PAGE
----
What is the Value of Agility?
One of the many challenges that Product Managers face in trying to move organizations toward a more agile approach to product development is that some stakeholders simply don’t see the value in the shift. They believe that, since their way has worked for them for so long that there’s no need to change — after all, it can’t be broken if it works, right? But the simple fact is, the bad old ways of product development are dying, as markets and customers move faster and have more options available to them to solve their problems every single day. There’s not a single industry that isn’t facing high-investment newcomers who are able to move fast and adjust — and leave they’re slow-moving, waterfall-based competition in the dust.
Are You “Default Ship” or “Default Delay”?
A couple years ago I ran across a blog post by Paul Jackson where he mentioned in passing the idea of a tension between “default ship” cultures in relation to corporations versus startups. For some reason, those two ends of a spectrum have stuck with me ever since, and after struggling with some culture change in my day-to-day job recently, I thought that it was an interesting subject that deserved a little more attention and dissection. Because, even though Paul positioned it as a startup v. corporate culture issue, my feeling is that it goes much deeper than that and is a topic that every Product Manager should be aware of and have their eyes out for — you never know when the “default delay” police will come knocking on your product’s door…
How Much Technical Debt is Too Much?
Let’s face it, technical debt is something that every Product Manager has to deal with on a constant basis — whether it’s making snap decisions that unblock your team so that they can keep working, short-cutting an ideal architectural solution because you have time-to-market pressures, or deciding to put off working on bugs found after a story’s been closed. While the common wisdom may be that you should never take on technical debt, the real world intrudes on such a fantasy each and every day, and if we don’t want to wind up in a death march that never sees the light of day, sometimes we have to make the choice to sacrifice some long-term stability in exchange for short-term gains. But how do you determine when there’s too much technical debt, or when the specific item of debt is too much to bear? That’s what we’re going to discuss today…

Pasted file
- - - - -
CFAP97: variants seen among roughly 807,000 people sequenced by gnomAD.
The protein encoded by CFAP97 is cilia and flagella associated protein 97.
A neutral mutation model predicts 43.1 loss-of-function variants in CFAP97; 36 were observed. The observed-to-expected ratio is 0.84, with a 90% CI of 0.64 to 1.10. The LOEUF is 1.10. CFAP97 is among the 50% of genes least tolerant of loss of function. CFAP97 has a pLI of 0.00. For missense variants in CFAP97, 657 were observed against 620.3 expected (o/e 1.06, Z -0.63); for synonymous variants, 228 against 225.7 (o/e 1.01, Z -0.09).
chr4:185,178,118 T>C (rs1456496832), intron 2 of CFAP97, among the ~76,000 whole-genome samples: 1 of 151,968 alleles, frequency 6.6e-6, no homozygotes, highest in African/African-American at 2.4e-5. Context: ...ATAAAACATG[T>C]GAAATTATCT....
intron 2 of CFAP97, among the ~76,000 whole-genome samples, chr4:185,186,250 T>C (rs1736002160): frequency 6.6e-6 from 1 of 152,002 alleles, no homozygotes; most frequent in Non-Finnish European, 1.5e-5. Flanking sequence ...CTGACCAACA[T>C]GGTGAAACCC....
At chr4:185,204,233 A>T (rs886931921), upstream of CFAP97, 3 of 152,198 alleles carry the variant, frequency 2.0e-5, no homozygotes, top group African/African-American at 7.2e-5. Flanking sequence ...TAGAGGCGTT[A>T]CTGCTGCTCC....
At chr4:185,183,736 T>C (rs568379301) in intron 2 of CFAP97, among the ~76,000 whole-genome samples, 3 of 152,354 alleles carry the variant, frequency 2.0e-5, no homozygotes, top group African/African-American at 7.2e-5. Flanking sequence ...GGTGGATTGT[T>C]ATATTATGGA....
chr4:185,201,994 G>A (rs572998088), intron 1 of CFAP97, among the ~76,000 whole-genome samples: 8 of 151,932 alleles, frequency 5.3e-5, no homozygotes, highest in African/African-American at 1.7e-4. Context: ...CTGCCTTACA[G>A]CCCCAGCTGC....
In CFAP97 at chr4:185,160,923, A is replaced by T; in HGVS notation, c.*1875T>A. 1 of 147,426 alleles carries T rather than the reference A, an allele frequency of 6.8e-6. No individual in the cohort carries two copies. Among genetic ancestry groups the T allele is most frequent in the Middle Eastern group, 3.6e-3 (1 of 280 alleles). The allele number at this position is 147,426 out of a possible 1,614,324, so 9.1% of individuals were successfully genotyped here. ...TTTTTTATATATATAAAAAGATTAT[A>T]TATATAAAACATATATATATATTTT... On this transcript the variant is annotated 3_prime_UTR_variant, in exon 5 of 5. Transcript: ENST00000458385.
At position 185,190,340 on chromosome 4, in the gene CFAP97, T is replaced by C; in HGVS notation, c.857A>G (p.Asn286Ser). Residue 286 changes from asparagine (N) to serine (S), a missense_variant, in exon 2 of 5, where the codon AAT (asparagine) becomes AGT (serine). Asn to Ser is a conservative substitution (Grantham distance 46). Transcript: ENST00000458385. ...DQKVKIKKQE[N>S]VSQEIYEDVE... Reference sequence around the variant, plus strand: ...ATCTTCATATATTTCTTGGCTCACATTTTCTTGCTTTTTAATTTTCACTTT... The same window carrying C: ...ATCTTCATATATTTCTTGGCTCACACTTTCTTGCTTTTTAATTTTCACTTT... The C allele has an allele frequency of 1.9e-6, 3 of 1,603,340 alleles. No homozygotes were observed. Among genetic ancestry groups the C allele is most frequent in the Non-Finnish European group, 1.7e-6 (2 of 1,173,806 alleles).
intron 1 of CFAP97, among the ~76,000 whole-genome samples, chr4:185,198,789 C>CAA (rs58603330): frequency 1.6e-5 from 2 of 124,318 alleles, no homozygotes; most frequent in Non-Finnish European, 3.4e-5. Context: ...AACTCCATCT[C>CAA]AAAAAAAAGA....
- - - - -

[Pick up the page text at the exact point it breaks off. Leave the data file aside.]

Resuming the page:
The Product Lifecycle
This post comes courtesy of a direct request from one of my supporters over at Patreon, who asked me if I could give them a 10,000 foot-level overview of the Product Lifecycle from ideation to delivery. While nothing here should be terribly earth-shattering or world-changing, I think it’s important for us as Product Managers to stop on occasion and think about how things should work for us from the point of an idea to the days supporting a thriving product. So here’s my personal take on the subject — as always, if you have thoughts or comments, feel free to drop them here or hit me up on Twitter!